The Nighttime Novelist...accomplishes more in about 240 pages than a dozen other "how to write" or "craft your novel" books have ever done.

--Helen Gallagher/Blogcritics
[Review]

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Tuesday, October 19, 2010

Raymond Carver on Precision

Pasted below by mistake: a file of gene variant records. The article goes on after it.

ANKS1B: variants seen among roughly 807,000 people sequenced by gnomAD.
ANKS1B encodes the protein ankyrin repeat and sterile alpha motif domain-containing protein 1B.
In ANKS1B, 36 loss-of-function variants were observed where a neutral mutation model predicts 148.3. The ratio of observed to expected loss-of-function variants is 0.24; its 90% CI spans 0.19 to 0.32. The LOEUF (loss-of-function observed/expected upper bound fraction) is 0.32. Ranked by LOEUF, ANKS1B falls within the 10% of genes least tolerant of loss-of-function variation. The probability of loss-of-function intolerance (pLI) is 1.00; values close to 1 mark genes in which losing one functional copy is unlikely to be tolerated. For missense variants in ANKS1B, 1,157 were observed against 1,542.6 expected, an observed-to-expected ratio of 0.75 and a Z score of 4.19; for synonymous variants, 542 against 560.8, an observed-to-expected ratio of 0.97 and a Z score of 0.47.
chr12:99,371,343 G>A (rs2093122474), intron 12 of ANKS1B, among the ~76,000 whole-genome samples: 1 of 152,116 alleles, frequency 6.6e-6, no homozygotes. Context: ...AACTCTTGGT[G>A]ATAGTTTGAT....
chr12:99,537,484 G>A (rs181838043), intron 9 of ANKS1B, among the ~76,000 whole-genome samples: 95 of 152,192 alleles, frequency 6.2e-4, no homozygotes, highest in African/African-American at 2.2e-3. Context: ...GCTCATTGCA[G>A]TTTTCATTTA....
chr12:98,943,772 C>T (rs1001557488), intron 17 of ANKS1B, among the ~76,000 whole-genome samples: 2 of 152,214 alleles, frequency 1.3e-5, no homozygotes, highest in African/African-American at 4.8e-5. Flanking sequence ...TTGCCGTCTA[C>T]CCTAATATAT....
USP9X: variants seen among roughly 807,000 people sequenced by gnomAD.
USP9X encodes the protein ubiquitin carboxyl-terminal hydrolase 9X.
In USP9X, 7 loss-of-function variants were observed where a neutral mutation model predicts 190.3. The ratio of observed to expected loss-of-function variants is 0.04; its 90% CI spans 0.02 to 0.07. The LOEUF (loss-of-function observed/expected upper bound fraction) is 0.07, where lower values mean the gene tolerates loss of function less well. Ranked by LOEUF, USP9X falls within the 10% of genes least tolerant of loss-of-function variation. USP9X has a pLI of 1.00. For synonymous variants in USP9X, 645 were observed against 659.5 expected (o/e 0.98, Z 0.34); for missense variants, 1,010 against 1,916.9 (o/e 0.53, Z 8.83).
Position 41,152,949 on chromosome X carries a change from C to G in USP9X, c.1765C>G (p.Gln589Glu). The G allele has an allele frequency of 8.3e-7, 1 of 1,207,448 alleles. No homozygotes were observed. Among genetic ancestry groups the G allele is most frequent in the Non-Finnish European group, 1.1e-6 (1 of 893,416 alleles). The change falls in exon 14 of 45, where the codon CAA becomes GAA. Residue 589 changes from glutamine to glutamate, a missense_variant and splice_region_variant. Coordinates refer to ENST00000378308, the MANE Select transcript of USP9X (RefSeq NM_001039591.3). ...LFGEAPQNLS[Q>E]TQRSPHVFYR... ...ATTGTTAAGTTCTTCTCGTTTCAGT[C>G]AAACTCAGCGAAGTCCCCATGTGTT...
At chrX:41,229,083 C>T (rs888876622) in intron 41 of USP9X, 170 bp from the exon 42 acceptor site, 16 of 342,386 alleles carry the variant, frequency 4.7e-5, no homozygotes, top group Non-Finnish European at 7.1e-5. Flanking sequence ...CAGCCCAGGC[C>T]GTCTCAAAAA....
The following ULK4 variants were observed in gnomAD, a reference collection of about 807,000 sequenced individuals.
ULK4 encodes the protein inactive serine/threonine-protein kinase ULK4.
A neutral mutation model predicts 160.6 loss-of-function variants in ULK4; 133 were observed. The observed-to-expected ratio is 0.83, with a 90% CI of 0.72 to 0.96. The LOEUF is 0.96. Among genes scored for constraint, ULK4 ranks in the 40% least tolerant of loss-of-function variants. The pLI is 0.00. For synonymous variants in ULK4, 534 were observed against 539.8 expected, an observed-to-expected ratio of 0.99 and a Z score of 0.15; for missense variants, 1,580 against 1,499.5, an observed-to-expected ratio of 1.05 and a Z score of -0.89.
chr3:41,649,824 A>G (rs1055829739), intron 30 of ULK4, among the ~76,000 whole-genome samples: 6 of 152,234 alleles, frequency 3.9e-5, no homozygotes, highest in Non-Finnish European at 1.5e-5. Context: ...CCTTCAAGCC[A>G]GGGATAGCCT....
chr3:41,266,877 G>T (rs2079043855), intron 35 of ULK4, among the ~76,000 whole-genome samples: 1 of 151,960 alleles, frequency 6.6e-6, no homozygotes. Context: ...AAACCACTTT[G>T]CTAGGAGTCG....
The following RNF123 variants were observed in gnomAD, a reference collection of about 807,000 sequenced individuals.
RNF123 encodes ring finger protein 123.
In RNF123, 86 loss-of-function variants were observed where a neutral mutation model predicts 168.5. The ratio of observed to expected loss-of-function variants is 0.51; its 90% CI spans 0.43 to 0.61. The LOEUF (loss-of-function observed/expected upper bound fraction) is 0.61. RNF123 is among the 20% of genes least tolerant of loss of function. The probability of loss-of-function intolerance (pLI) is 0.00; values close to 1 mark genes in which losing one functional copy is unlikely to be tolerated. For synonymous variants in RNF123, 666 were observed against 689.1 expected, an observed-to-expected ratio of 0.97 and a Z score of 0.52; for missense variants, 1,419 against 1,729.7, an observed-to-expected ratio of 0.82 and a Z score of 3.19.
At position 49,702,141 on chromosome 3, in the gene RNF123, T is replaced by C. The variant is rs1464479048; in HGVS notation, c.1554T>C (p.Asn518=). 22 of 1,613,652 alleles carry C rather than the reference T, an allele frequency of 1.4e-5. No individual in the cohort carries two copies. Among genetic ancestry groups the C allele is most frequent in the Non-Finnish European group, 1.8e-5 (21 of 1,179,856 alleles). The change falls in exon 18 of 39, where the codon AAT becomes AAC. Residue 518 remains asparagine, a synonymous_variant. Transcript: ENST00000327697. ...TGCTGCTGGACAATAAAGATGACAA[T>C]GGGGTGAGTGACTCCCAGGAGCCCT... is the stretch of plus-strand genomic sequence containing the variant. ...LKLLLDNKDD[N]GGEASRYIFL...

It's possible, in a poem or a short story, to write about commonplace things and objects using commonplace but precise language, and to endow those things - a chair, a window curtain, a fork, a stone, a woman's earrings - with immense, even startling power. It is possible to write a line of seemingly innocuous dialogue and have it send a chill along the reader's spine - the source of artistic delight, as Nabokov would have it. That's the kind of writing that most interests me. I hate sloppy or haphazard writing whether it flies under the banner of experimentation or else is just clumsily rendered realism. In Isaac Babel's wonderful short story, 'Guy de Maupassant,' the narrator has this to say about the writing of fiction: 'No iron can pierce the heart with such force as a period put just at the right place.'


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